Some places have bad reputations and most tourists avoid them. Although these places can be menacing, they can also be compelling. Even more so when you remember how they used to be.
Perhaps war zones or rugged areas where rebel groups lurk, nations with unfriendly governments, or otherwise unstable locations where conflict has recently ended.
But the places are intriguing because they weren’t always like that. Once upon a time every place had its heyday. Did the outside world perceive these places differently during times of peace and prosperity?
Take Syria and Iraq, now unrecognisable shadows of their former selves, cursed with reputations for war and suffering. Long ago, Baghdad was one of the most magnificent cities in the Islamic world, where the heart of an Empire beat during the golden age of Islam. In those days, Baghdad was known for its scholars, its philosophers, and its innovators.
The Syrian cities of Damascus, Aleppo and Homs are some of the world’s most ancient, where civilisation itself may have begun. Their present suffering is painful to observe.
Somalia, whose capital city Mogadishu was once the pre-eminent city in the Horn of Africa, making a fortune from its role as a major trading port with the Arabian Peninsula and India. For a long time, Somali Muslims and Ethiopian Christians lived peacefully side by side.
During the Middle Ages, Somalia became a prosperous trading nation where Islam gained power and flourished. In the 1940s, Somalia was an Italian colony home to over 22,000 Italians. The standard of living was one of the highest in the region, partly thanks to a well-developed manufacturing industry.
Somalia later passed into the hands of the British, and finally gained its independence in 1960. But a military coup in 1969 and subsequent establishment of a communist state heralded the beginning of Somalia’s slow descent into chaos and failed statehood.
Afghanistan: known in the 1950s and 60s as a progressive nation where innovation was encouraged, where women’s equality was enshrined in law, and where young people went to university to pursue their dreams. All were free to do so unhindered by religious and political fanaticism.
During the final years of the Afghanistan invasion, British Defence Secretary Liam Fox referred to Afghanistan as ‘a broken 13th century country.’ He was totally wrong.
But unfortunately, Fox’s view reflects common perceptions of Afghanistan and its inhabitants, who are often believed to be ungovernable barbarians living in a chaotic land. This dangerously inaccurate view informs much of Western foreign policy towards Afghanistan and countries like it.
In 2010, Afghan-American university president Mohammad Qayoumi, who left Afghanistan in the 1960s, is determined to educate the world about the country he knows and loves, as it used to be.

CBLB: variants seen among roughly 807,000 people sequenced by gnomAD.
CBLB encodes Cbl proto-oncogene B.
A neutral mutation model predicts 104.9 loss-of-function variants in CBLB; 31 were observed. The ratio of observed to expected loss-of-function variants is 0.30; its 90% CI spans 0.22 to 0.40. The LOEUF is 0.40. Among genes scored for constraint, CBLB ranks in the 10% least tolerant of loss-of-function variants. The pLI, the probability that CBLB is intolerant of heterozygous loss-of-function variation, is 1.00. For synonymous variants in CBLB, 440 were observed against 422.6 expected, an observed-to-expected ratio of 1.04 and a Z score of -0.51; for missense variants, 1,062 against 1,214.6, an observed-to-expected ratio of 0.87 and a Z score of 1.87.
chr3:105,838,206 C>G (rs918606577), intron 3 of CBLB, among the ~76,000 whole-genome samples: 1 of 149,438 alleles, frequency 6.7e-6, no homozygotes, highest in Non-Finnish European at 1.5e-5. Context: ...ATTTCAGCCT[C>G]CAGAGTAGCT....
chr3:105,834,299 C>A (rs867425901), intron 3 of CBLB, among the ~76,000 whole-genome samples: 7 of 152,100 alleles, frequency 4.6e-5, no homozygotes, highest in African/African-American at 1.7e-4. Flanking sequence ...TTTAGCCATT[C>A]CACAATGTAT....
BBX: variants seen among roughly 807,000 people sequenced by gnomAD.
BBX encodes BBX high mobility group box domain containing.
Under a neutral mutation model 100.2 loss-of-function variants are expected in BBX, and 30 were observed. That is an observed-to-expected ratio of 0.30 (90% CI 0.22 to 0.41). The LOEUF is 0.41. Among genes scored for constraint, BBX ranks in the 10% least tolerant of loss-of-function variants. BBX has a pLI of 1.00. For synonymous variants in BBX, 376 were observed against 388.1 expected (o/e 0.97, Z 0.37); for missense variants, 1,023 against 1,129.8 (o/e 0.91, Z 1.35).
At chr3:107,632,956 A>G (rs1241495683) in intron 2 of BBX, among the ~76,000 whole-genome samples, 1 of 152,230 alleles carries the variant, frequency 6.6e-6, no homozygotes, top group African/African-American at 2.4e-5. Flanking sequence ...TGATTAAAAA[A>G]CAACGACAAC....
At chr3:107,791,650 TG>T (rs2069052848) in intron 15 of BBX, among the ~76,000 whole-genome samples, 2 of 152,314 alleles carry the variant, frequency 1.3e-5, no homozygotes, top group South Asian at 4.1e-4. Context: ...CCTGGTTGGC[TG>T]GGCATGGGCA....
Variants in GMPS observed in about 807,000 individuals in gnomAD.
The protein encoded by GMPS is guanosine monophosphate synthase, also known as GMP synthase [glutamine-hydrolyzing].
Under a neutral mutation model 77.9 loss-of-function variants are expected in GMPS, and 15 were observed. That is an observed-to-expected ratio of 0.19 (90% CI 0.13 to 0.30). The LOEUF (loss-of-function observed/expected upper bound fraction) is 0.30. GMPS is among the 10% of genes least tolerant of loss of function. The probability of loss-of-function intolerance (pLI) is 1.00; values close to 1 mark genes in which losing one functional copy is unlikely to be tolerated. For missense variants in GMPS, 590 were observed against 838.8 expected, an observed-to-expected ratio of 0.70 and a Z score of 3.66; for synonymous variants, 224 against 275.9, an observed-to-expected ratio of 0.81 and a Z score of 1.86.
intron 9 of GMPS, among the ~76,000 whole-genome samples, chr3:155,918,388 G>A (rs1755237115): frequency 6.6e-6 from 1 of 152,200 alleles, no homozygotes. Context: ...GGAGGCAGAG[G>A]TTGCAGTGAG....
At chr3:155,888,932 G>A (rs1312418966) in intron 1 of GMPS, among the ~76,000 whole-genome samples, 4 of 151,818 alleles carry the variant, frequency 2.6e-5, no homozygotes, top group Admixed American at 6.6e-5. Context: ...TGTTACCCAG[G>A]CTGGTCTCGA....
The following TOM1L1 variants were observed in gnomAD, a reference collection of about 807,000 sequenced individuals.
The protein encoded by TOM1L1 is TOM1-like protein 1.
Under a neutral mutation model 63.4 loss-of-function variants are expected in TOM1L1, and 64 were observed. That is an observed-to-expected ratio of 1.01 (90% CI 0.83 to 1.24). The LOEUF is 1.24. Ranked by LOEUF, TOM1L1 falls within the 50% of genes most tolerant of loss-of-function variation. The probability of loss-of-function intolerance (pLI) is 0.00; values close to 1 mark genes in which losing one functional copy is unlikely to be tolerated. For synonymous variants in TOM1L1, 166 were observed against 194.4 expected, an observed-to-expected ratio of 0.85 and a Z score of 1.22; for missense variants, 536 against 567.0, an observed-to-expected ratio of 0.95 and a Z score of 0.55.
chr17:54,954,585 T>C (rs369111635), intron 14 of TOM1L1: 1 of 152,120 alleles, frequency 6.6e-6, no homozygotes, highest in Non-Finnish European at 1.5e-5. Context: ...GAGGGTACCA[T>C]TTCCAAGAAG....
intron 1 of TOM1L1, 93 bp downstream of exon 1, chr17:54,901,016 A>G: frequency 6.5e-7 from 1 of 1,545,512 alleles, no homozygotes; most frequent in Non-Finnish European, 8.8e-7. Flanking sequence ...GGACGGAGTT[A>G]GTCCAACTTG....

Qayoumi put together a compelling photo essay, ‘Once Upon a Time in Afghanistan’, full of images of an unrecognisable nation. The photos of William Podlich reflect Qayoumi’s original theme, this time showing Afghanistan from the perspective of an American family living there in the 60s.
Examining both collections is an uplifting and thought-provoking experience, yet at the same time melancholy. The images show female university students in Kabul wearing skirts without headscarves, studying science alongside their male peers, socialising at cinemas and coffee shops, and shopping at record stores stacked with the latest Afghan and international hits.
Podlich’s pictures show Americans interacting normally with Afghans on the street in a relaxed manner, even one where Podlich’s wife is wearing a sleeveless Western dress.
According to Qayoumi, 1960s Afghanistan had an efficient and organised government, a vibrant economy, and a strong tradition of law and order. Institutions such as the national airline, Ariana Afghan Airlines, were reliable and well regarded internationally. Overall, Afghanistan had a decent reputation.
In fact, Afghanistan of the 1960s had many of the ingredients for success. Its people had every reason to expect a bright future during these halcyon days.
How tragic it is, to see the state of these nations today after decades of war, communism, and religious extremism have taken their toll. These are the most common driving factors of civilisational retrograde and they have caused immense destruction.
There are no excuses or justifications. The wasted potential is immense, both for the countries and for their people. Innovation, freedom of speech, modernity, fair governance, justice, all summed up into a strong, clearly communicated nation image, are necessary for any civilisation wishing to thrive in the 21st century.
Any force that tries to deny them that opportunity is not a force for good. Let us hope that one day these battered civilisations will rise up again on the global playing field of a new century.
“Who knows?” said Qayoumi in a 2010 interview with NPR. “Maybe in 20 years from today, we can look at a very different Afghanistan, where we can look at the pictures of today — and see that same kind of stark contrast that we can see now with the pictures of the 1950s and ’60s.”
As an old Afghan saying goes: “A stream that has seen water before will see water in the future also.”
Perhaps by showing the world a different side of these much-maligned nations, we can help to lay the groundwork for their eventual rebirth and regaining of lost reputations.